North Liberty plans to ask the federal government for an updated census to account for its growing population.
The City Council indicated in a recent goal-setting session that it will ask for what is known as a special census in the fiscal year that starts July 1, City Administrator Ryan Heiar said.
The 2010 census put North Liberty’s population at 13,374, but the city believes it now has about 15,500 residents.
The motivation to get a new count is to increase the amount of federal money the city receives. Census population counts are used to disburse more than $400 billion annually in federal funds, according to the U.S. Census Bureau.
For Iowa towns, road use taxes are the primary census-determined money at stake.
Cities receive about $96 per resident in road use tax revenue this fiscal year, according to the Iowa Department of Transportation.
If North Liberty has grown as much as city officials think, that would be more than $200,000 annually in additional road money. That would make up in one year the estimated $160,000 North Liberty would have to pay for a special census.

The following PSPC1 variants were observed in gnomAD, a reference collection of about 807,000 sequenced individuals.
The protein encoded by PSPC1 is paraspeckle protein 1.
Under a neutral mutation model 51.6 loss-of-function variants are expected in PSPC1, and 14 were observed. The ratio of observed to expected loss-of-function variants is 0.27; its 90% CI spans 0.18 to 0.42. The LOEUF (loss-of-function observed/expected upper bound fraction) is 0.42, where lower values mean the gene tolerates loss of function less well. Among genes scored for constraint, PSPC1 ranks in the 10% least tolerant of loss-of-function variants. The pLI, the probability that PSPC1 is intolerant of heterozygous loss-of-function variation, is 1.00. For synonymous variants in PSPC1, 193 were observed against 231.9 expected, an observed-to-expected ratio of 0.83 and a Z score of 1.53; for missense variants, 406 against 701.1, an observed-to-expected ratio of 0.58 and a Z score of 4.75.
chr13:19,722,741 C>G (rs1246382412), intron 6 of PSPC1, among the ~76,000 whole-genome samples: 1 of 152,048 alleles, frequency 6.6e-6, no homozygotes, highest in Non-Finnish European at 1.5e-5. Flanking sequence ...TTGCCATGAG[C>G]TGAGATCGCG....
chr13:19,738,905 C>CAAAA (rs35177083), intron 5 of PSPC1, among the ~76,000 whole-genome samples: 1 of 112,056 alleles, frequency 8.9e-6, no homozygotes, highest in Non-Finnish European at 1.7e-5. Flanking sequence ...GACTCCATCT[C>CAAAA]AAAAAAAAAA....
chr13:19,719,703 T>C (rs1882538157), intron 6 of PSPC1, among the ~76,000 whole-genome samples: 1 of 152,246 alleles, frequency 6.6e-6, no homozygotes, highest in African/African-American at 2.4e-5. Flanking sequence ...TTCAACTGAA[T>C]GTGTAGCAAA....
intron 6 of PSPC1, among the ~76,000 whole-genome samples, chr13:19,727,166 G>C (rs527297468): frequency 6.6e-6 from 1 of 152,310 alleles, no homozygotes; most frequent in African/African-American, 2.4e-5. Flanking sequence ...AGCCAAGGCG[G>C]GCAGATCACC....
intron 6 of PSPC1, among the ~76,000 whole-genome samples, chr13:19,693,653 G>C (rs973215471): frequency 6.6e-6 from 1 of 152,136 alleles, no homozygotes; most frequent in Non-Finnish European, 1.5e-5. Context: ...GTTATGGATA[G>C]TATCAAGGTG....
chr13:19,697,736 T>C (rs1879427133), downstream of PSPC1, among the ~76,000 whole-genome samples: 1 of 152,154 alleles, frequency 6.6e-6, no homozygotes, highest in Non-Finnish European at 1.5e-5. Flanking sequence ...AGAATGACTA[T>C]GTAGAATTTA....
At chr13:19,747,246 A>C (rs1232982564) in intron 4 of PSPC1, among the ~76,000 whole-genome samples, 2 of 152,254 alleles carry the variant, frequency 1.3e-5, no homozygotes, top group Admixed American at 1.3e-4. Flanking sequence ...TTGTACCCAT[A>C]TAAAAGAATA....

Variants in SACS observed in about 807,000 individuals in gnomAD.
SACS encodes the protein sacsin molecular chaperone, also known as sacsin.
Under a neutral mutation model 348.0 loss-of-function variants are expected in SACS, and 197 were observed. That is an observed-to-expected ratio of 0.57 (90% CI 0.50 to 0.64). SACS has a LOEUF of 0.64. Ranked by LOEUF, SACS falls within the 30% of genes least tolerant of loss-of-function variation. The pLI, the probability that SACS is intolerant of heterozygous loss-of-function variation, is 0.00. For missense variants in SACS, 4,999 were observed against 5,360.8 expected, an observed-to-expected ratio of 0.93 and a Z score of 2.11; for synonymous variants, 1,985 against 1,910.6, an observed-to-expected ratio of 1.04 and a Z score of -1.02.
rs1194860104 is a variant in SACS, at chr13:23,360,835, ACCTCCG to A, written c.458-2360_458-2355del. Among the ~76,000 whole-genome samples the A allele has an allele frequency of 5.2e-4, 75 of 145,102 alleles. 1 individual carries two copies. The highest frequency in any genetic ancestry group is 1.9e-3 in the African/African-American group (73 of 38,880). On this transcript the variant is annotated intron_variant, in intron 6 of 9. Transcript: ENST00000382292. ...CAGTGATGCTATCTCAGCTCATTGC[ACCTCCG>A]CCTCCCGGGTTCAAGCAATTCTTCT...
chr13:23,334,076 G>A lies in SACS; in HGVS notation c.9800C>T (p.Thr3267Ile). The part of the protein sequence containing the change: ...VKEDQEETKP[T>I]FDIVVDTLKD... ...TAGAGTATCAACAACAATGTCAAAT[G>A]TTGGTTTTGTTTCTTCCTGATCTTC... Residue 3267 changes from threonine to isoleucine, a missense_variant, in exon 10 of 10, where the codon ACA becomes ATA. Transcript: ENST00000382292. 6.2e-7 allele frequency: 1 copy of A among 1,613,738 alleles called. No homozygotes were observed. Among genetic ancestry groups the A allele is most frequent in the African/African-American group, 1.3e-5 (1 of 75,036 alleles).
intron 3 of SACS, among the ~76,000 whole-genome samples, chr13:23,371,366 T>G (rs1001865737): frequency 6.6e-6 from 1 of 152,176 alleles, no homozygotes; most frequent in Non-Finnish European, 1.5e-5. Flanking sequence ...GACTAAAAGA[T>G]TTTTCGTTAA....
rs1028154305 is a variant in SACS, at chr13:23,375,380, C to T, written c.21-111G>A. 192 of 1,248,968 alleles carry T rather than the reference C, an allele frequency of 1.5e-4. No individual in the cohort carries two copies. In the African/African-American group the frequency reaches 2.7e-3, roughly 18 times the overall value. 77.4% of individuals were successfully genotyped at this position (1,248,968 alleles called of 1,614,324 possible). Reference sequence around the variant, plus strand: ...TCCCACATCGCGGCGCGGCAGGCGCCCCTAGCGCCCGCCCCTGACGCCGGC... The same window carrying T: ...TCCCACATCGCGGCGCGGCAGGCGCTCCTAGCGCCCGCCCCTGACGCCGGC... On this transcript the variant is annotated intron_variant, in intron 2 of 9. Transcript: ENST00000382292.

Iowa City had been considering whether to seek a special census, but after some preliminary research, city officials decided the benefit is not worth the cost at this time, said Geoff Fruin, assistant to the city manager.
The city did not request a formal cost estimate, but it knows it would pay much more than North Liberty because of its size. The 2010 census put Iowa City’s population at 67,894 residents. The Census Bureau estimated it had grown to 70,133 in 2012.
“I think the larger the community, the harder it becomes to justify that expense,” Fruin said.